FRIDAY, Dec. 17 (HealthDay News) -- Toys today are often cutting-edge wonders, loaded with gadgets and gizmos. But as toys become more sophisticated, they often pose new dangers for children that safety experts urge parents and gift-givers to consider.
Tiny magnets, powerful batteries and laser lights are among the features on modern toys that can be just as dangerous as small parts and sharp edges have always been.
"Toys are for fun, joy and learning," said Rachel Weintraub, director of product safety for the Consumer Federation of America. "They should be a source of all those things and less a source of potential and actual hazard. Parents need to be vigilant."
Her call for vigilance is backed by the numbers. Toy-related injuries sent more than 235,000 kids to U.S. emergency rooms for treatment in 2008, according to the U.S. Consumer Product Safety Commission. Another 19 children died as the result of a mishap involving a toy.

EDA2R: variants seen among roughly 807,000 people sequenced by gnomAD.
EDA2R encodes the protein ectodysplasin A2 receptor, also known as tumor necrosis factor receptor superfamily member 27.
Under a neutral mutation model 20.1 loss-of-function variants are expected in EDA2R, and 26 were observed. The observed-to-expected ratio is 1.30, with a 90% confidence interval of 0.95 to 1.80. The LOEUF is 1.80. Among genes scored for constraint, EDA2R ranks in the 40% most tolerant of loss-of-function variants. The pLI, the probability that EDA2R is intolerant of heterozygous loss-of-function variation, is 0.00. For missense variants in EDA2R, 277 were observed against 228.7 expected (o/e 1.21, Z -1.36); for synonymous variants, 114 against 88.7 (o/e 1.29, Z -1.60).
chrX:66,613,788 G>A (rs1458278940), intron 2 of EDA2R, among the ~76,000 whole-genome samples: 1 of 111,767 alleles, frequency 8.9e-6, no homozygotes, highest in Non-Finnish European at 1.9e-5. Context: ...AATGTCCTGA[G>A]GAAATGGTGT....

Choking hazards have long been a leading cause of death in children, prompting the creation of warning labels detailing small parts and recommending minimum ages for certain toys.
But in recent years, riding toys have proven to be the most dangerous type of toy on the market, according to the consumer agency. They were associated with the most deaths in 2008: Two children on tricycles were hit by a motor vehicle, and two others drowned after riding their tricycle into a pool. Other types of non-motorized riding toys accounted for another five deaths.
Riding toys also were associated with the most injuries. In fact, non-motorized scooters were involved in a quarter of all toy-related injuries treated at a hospital.
The injury statistics serve as a reminder that choosing the right toy is just a start and that there's still the need for parents to be ever vigilant when their children are at play, said Dr. Pete Kehoe, an Illino
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